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Clinical Specialties - Cancer

Leukemia & other blood cancers

Haematologic Malignancy MDTLeukaemia is cancer that originates in blood-forming tissue. The disease is characterised by the uncontrolled growth of blood cells, usually white blood cells (leukocytes), in the bone marrow and blood.

Other blood cancers that are caused by defects in the blood system include lymphomas and multiple myeloma.

The leukaemia experts at Sydney Adventist Hospital form part of our Haematologic Malignancy Multidisciplinary Team and use several methods to confirm your diagnosis and determine the stage of your disease. They have experience with early-stage as well as complex cancer; have access to advanced diagnostic tools and a wide range of treatments, including clinical trials. At the same time, our supportive clinicians help you manage side effects to support your quality of life. Explore this section to learn more about leukaemia and other blood cancers, its side effects and your treatment options.

About Leukaemia

Leukaemia is generally thought to occur when the DNA of some blood cells mutates. Other changes in the cell could contribute to leukaemia; however this is not yet fully understood.

Certain abnormalities fuel the growth and division of the cell and continue living when normal cells die. Over time, these abnormal cells can crowd out healthy blood cells in the bone marrow, leading to fewer healthy white blood cells, red blood cells and platelets, causing the signs and symptoms of leukaemia.

The major types of leukaemia are:

  • Acute lymphocytic leukaemia (ALL): This is the most common type of leukaemia in young children. ALL can also occur in adults.
  • Acute myelogenous leukaemia (AML): AML is a common type of leukaemia. It occurs in children and adults. AML is the most common type of acute leukaemia in adults.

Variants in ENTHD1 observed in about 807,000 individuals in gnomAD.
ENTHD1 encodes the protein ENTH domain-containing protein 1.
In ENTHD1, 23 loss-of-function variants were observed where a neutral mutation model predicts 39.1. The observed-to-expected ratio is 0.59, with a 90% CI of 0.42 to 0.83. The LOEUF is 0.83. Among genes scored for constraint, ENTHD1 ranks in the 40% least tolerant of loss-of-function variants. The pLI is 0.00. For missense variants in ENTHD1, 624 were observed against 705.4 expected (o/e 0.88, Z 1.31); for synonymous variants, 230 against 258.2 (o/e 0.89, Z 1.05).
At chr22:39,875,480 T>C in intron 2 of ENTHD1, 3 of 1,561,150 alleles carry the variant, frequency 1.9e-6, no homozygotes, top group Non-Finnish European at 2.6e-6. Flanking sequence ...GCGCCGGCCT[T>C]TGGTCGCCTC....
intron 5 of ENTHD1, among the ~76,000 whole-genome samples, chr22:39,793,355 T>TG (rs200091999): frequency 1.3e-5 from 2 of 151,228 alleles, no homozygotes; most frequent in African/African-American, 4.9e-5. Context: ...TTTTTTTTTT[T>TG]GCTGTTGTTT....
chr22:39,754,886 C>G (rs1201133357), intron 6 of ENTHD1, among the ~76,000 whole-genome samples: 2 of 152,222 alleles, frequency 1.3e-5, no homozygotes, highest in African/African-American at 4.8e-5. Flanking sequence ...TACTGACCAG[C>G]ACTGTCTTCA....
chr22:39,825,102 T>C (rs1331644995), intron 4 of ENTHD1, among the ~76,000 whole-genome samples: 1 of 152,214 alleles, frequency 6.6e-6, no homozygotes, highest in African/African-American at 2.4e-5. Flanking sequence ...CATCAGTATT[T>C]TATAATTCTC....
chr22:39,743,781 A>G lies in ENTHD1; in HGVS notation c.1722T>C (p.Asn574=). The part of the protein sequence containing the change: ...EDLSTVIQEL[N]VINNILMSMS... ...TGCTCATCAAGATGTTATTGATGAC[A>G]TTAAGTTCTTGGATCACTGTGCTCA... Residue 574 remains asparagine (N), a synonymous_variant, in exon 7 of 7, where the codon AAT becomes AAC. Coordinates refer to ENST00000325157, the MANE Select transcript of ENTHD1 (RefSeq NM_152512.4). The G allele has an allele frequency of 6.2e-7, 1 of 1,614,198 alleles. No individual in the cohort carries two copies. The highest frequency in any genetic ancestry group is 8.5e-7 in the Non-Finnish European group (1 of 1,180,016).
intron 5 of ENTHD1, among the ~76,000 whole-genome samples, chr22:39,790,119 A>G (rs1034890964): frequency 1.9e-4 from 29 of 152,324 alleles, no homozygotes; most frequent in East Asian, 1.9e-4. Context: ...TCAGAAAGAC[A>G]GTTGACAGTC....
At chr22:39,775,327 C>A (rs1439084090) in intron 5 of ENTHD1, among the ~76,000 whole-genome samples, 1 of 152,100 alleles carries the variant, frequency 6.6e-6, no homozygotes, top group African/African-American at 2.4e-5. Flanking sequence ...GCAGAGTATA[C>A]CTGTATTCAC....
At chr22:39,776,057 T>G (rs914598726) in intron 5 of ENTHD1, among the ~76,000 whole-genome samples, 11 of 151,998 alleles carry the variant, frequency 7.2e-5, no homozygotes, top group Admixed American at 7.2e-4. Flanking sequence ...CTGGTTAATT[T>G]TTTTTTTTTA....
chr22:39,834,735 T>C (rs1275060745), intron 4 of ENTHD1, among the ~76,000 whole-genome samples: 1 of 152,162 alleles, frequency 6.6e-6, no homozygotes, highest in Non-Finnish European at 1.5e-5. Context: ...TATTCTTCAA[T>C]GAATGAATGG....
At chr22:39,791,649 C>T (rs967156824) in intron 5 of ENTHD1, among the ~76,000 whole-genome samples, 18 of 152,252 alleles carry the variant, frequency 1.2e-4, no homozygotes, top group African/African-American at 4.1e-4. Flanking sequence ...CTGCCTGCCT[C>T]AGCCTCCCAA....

• Chronic lymphocytic leukaemia (CLL): With CLL, the most common chronic adult leukaemia, you may feel well for years without needing treatment.
  • Chronic myelogenous leukemia (CML): This type of leukaemia mainly affects adults. A person with CML may have few or no symptoms for months or years before entering a phase in which the leukaemia cells grow more quickly.
  • Other types: Other, rarer types of leukaemia exist, including hairy cell leukaemia, myelodysplastic syndromes and myeloproliferative disorders.
What are the symptoms of leukaemia?

In acute leukaemia, symptoms generally appear suddenly and can mimic those of a virus or flu which can prompt a visit to the doctor.

When chronic leukaemia first develops, symptoms may not arise for several years. CLL and CML are often discovered as part of an elevated blood count during a regular blood test.

Some general symptoms of leukaemia include:

  • Fever, chills
  • Fatigue, weakness
  • Loss of appetite, weight loss
  • Night sweats
  • Bone/joint pain
  • Abdominal discomfort
  • Headaches
  • Shortness of breath
  • Frequent infections
  • Easy bruising or bleeding
  • Petechiae (small red spots under the skin)
How is leukaemia diagnosed?

If your doctor suspects your symptoms may be as a result of leukaemia, you may be requested to undergo the following tests and exams.

  • Physical exam: Your doctor will look for physical signs of leukaemia, such as pale skin from anaemia, swelling of your lymph nodes, and enlargement of your liver and spleen.
  • Blood tests: By looking at a sample of your blood, your doctor can determine if you have abnormal levels of red or white blood cells or platelets — which may suggest leukaemia.
  • Bone marrow test: Your doctor may recommend a procedure to remove a sample of bone marrow from your hipbone to be sent to a laboratory to look for leukaemia cells.

In addition to the above tests, doctors sometimes use imaging tests including chest x-rays, ultrasound, CT scans, MRI and PET scans to determine whether leukaemia cells have affected the bones or organs such as the kidneys, the brain or the lymph nodes.

Once a diagnosis has been made, your integrated team of leukaemia experts will use these test results to determine the stage or extent of the cancer which will largely influence the recommended treatment approach.

What are my treatment options for leukaemia?

Treatment for leukaemia depends on many factors. The Haematology MDT at Sydney Adventist Hospital would meet to tailor an appropriate treatment plan based on your diagnosis and age, overall health, the type of leukaemia you have, and whether it has spread to other parts of your body, including the central nervous system.

Common treatments used to treat leukaemia include:

  • Chemotherapy - the major form of treatment for leukaemia.
  • Biological therapy - works by using treatments that help your immune system recognise and attack leukaemia cells.
  • Targeted therapy - uses drugs that attack specific vulnerabilities within your cancer cells.
  • Radiation therapy - uses X-rays or other high-energy beams to damage leukaemia cells and stop their growth.
  • Stem cell transplant - a procedure to replace your diseased bone marrow with healthy bone marrow.
Resources and useful leukaemia cancer links
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